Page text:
Coco, a 12 week old female Poodle puppy had to be collected from a breeder in England

Poodles are exceptionally popular pets in some countries. In France, people are as likely to be carrying a poodle under their arm as a stick of French bread. Poodles can be seen eating in restaurants, visiting hairdressers and going virtually anywhere that their owner goes. In Ireland, poodles are a rare enough breed, and it can be difficult to find the right type of poodle puppy when you want one.

The Poodle breed is available in three sizes. To the lay person, these sizes could be called “small, medium and large”, but in the poodle fraternity, they are classified as “Toy” (less than ten inches at the shoulder), “Miniature” (less than fifteen inches) and “Standard” (over fifteen inches).  Each size of poodles is available in a range of colours, including blue, grey, silver, brown, cafe-au-lait, apricot and cream. They almost sound like scrumptious varieties of chocolate.

The local family knew exactly what sort of dog they wanted: a female brown Miniature Poodle. They were unable to locate a puppy of this type in Ireland, but eventually they tracked one down near Manchester, in England. The puppy sounded perfect, but the only problem was how to bring her home. They decided that the only realistic option was to drive over to Manchester to pick up the puppy directly.

They bought a large wire cage that could fold flat, but when erected, fitted snugly into the rear of her estate car. They bought a plastic bed, and soft bedding and they even purchased special non-spill water and food bowls for the puppy to eat and drink in transit. But they were still worried. The puppy would never have been away from its mother and its home environment. How would it cope with a ten hour journey in a car? It would be a highly stressful time for the poor creature.

They came to me to ask for advice before they left. What else could they do? Would sedatives help? I explained that sedatives are not always the best answer. To travel in comfort, animals need to have their wits about them. They need to be able to react if there is a sudden jerky movement of the vehicle, such the car braking. Many vets now recommend that sedation should be avoided during journeys, unless an animal becomes hysterically upset. “But we need to help the puppy relax in some way.” the family told me. “ It will just be so frightening for him”.

I suggested an alternative answer: a product known as Dog Appeasement Pheromone, sold as Adaptil.  This is a man-made scent, which is completely odourless to humans, but which carries a strong message for animals. It is a synthetic copy of a natural scent known as an “appeasing pheromone”. This is produced by lactating females from their mammary gland area, when they are being suckled by their young. The natural function of this scent is to comfort the offspring. The pheromones calm puppies at the earliest stage of their lives. Researchers have found that the scent continues to have a calming effect throughout a dog’s life. It seems to provide reassurance at times of stress, particularly in unknown environments and when encountering novel experiences.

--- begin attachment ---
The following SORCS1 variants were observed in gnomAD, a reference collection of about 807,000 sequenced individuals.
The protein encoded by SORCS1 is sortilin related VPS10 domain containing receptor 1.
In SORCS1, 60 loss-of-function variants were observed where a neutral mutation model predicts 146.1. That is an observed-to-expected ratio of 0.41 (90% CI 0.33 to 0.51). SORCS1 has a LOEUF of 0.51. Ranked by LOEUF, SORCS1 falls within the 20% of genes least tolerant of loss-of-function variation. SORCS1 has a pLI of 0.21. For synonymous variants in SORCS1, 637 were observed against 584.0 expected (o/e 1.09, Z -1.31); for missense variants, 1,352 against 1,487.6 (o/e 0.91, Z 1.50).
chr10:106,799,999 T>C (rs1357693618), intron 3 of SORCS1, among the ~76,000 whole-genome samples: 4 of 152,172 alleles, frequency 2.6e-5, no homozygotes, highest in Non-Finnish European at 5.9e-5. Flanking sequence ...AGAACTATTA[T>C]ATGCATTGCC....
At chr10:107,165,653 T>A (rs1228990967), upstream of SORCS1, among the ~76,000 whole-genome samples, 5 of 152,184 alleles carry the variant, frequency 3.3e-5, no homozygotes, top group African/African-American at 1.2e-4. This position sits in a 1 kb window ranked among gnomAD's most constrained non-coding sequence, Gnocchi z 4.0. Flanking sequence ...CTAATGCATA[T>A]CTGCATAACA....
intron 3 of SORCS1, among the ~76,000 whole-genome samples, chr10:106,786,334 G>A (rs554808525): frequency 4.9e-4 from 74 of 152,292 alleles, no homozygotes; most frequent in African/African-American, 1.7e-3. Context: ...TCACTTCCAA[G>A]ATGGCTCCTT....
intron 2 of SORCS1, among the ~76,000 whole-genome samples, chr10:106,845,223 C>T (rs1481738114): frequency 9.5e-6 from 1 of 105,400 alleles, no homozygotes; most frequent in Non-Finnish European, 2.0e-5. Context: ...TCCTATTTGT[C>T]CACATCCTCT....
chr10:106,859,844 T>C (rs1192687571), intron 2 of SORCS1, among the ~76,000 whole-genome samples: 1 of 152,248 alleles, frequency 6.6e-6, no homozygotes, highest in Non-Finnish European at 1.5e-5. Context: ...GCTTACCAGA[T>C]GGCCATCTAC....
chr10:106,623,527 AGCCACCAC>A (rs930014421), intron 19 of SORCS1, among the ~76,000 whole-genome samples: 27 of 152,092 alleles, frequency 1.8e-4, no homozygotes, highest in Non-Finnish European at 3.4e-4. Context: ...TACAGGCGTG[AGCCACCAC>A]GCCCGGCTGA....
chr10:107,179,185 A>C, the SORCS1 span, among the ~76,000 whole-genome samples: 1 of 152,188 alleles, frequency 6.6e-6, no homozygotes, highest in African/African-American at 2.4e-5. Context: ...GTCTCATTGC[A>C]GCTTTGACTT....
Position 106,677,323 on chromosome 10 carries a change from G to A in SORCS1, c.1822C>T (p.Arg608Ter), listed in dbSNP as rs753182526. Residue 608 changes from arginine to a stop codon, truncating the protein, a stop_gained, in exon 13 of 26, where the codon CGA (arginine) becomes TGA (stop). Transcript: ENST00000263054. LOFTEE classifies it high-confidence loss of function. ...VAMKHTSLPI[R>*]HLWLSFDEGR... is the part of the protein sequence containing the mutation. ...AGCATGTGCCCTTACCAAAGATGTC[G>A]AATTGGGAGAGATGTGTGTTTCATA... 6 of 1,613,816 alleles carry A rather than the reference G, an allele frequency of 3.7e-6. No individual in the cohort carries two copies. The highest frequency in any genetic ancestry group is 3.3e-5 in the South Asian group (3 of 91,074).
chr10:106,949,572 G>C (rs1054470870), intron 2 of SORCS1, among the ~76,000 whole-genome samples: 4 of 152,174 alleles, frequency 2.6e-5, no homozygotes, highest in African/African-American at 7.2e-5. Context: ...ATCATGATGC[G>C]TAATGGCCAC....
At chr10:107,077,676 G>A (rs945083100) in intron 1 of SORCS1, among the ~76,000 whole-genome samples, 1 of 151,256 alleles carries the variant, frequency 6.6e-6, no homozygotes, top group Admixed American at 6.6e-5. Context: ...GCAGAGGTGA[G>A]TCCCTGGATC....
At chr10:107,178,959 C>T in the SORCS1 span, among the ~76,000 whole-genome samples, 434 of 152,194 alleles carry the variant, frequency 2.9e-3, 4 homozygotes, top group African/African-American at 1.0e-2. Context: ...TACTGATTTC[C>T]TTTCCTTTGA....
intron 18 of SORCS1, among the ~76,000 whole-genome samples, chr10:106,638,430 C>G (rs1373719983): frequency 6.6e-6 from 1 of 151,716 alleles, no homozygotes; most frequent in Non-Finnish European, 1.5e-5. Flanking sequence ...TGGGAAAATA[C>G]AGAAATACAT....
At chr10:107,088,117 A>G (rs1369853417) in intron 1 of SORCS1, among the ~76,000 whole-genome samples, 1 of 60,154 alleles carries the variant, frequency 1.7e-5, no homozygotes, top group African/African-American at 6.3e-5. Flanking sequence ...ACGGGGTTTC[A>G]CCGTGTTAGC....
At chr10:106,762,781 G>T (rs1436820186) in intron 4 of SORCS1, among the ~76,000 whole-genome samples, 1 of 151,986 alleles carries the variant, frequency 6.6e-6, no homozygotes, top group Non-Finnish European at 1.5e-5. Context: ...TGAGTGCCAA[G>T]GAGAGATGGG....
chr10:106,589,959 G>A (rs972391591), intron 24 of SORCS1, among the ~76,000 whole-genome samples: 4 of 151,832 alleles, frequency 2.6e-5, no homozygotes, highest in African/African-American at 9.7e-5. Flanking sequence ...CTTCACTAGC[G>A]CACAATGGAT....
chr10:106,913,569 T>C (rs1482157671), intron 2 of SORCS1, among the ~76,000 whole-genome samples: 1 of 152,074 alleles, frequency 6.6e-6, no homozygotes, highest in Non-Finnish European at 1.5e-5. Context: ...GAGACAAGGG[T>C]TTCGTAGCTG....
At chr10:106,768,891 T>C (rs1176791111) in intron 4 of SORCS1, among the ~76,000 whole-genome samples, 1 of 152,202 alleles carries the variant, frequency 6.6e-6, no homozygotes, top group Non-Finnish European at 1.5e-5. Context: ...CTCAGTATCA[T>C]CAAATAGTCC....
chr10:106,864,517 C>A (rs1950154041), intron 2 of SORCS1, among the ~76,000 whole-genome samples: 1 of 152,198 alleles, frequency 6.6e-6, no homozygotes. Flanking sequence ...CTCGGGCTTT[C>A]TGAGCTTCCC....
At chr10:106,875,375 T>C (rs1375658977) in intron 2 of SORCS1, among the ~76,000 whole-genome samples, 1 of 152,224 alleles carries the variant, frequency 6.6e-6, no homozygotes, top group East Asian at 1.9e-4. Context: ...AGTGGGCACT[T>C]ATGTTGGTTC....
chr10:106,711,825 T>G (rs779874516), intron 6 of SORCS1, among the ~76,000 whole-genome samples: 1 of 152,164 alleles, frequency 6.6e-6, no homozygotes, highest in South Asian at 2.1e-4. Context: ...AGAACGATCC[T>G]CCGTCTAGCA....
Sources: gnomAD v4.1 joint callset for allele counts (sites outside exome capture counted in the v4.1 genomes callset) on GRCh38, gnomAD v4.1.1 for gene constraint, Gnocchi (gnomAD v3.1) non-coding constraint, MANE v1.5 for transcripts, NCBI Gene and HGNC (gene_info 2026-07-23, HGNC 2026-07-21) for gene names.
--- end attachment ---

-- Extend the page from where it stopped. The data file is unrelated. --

Adaptil is available in a formulation similar to human perfume, in a ceramic jar with a spray top. Owners are encouraged to spray the pheromone around the dog in any environment that may be stressful to the animal. It’s also available impregnated into a special collar, which lasts for around a month.

The puppy owners-to-be took a bottle of Adaptil, and headed off to Manchester. The puppy, soon christened Coco, seemed calm and quiet, but they still worried about how he would be in the car. They sprayed the Adaptil everywhere inside the car: in the basket, on the bedding, around the cage, and even on the car upholstery. They then put Coco in his basket, with a small chew toy. Little Coco looked small and wide-eyed as they drove away from the only world the puppy had ever known. But she soon settled down in her bed, enjoying her chew-toy, and then quietly falling asleep. They stopped several times to allow her out for a walk during the journey, and each time, she happily jumped back into her basket. She did not seem stressed at all.

They gave the puppy’s bed another spray with Adaptil when they finally reached home. Coco has continued to sleep in her basket inside the wire cage – she now sees it as her own territory, and it is kept in the utility room in the family home.

Two weeks on, Coco seems as well balanced a puppy as any. The journey from Manchester caused no problems at all. Was it due to the Adaptil or would she have been OK anyway? Coco’s new owners are certainly convinced Adaptil believers, and so, it would appear, is Coco.


  • Leaving home is a very stressful time for puppies
  • Dog Appeasement Pheromone (Adaptil) can make this transition phase much easier
  • Adaptil is useful to minimise stress at any time during a dog’s life
  • DAP is available from veterinary clinics across Ireland

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Please note that I am unable to answer veterinary questions in comments. If you have questions or concerns about your pet's health it is always better to contact your vet.

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